Remarks of Deborah M. Lauter
Director of Civil Rights
ADL is honored to participate in this important telephonic press conference today and to stand with our friends in the Hispanic and civil rights communities year-round to fight bigotry, prejudice and discrimination.
We in the Jewish community know too well the ugly history of anti-immigrant backlash when it was directed at our parents and grandparents. We do not want to see that history repeated for any individual or group. We know from our own experience and from the experience of other immigrant groups in America that when a society begins to demonize a group as less deserving of rights, less worthy, less human, less equal-- then discrimination, exploitation, and worse follows. We cannot let the task of fighting hate fall to its victims alone.
ADL is outraged by the hate words and hate violence that have targeted Latinos in this country. The immigration debate has become a flashpoint for racist and neo Nazi extremist groups who foment bigotry and blame immigrants for all of our country’s problems. We are concerned that their hateful rhetoric is taking hold with too many in the mainstream community and we are dismayed by the deterioration of civil discourse as well as the increase in vigilantism.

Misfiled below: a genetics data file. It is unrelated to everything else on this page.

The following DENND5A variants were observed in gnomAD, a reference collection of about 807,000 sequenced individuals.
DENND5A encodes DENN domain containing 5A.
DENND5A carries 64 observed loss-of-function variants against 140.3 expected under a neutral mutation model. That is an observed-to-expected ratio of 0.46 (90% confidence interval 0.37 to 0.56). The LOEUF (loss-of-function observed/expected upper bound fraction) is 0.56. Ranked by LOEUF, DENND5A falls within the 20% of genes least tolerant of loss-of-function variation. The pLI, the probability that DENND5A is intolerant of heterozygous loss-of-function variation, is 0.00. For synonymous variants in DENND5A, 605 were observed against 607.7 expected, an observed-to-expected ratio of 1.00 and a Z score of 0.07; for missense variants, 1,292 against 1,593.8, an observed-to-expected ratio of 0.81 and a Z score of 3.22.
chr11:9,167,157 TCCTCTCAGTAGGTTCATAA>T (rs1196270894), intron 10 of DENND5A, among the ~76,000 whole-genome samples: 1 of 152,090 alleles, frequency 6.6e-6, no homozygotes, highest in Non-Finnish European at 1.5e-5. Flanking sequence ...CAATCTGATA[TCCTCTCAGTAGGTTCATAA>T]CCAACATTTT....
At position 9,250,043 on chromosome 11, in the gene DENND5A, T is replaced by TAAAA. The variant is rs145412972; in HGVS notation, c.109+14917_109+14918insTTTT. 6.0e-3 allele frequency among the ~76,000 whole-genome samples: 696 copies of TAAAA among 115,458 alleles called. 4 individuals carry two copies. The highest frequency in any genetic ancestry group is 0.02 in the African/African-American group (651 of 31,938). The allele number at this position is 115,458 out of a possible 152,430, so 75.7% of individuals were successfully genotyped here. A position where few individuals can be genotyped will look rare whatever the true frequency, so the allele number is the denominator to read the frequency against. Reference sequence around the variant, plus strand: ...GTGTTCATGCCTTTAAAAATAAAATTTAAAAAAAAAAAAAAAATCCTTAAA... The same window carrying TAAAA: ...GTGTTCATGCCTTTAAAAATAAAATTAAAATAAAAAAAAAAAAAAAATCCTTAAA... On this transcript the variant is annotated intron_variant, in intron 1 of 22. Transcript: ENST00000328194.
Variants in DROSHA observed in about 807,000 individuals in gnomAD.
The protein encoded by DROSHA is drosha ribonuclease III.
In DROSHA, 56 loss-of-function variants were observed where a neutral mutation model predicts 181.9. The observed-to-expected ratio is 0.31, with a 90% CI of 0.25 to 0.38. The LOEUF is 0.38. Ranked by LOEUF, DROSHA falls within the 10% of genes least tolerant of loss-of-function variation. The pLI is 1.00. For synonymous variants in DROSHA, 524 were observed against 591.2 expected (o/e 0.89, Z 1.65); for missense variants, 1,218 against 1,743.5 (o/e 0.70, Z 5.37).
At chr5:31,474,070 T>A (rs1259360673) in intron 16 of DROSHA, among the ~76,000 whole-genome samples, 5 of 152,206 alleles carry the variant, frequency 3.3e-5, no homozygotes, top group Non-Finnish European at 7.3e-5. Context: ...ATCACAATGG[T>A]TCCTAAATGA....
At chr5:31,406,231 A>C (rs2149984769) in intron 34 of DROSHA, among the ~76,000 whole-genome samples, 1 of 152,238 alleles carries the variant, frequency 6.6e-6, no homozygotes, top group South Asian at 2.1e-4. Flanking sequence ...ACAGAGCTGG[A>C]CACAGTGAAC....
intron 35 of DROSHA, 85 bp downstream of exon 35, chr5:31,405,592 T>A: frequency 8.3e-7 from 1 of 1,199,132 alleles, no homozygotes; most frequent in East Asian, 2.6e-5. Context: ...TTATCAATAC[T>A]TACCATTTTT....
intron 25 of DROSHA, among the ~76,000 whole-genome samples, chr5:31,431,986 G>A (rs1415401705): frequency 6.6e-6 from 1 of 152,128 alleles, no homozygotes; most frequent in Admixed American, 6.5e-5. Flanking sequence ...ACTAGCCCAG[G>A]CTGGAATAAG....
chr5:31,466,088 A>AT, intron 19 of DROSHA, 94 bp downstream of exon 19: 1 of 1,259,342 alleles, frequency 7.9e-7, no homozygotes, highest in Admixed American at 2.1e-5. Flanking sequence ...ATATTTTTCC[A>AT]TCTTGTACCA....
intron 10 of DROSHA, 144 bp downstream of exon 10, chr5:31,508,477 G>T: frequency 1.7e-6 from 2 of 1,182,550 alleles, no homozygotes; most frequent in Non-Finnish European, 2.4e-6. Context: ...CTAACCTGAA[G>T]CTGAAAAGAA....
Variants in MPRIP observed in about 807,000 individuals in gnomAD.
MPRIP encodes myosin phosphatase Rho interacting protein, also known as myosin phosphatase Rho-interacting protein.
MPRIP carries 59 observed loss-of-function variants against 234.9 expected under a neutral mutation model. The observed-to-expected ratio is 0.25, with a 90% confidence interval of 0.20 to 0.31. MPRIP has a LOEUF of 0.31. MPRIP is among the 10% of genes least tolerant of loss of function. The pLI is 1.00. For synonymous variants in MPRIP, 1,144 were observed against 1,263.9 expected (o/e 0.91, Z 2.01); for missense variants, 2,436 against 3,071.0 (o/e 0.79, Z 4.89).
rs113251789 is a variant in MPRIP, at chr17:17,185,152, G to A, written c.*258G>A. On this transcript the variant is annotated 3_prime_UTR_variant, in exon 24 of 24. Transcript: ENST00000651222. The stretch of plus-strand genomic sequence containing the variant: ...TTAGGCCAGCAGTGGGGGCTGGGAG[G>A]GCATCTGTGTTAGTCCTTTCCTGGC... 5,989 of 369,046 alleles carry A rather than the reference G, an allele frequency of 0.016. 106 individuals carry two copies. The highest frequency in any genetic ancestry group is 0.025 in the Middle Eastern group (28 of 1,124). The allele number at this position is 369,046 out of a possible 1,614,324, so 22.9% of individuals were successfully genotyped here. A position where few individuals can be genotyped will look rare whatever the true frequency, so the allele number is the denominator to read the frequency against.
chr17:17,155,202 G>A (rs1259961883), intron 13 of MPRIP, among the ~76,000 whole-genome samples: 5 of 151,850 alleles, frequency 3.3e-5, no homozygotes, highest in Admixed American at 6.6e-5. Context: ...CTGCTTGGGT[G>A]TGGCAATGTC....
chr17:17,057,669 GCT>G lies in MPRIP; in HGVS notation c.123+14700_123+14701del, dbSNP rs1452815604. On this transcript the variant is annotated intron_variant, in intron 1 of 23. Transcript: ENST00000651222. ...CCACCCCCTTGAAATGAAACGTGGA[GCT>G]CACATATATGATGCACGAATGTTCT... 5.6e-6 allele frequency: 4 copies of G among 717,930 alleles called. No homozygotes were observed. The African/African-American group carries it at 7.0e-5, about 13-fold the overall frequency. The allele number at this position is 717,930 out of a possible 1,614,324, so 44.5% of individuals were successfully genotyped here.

In 1958 when this country was also engaged in a debate over immigration, ADL published an inspiring book by then-Senator John F. Kennedy called, “A Nation of Immigrants” in which he extolled what immigrants have done for America and what America has done for its immigrants. ADL re-released the book on its 50th anniversary, with a forward by Senator Ted Kennedy who took up his brother’s mantle to highlight how the embracing of immigrants has been one of the dramatic success stories of world history. In that forward, Senator Ted said, “At the heart of the issue of immigration is hope.”
Today, it is our hope that Governor Brewer will use her leadership to guide Arizona toward a future that welcomes diversity, rather than toward a future that plays on fear. All Americans have a stake in reforming our immigration law with fairness, compassion, and effective enforcement. Laws like this one are just plain mean-spirited and counterproductive and deserve to be vetoed. We can and must do better.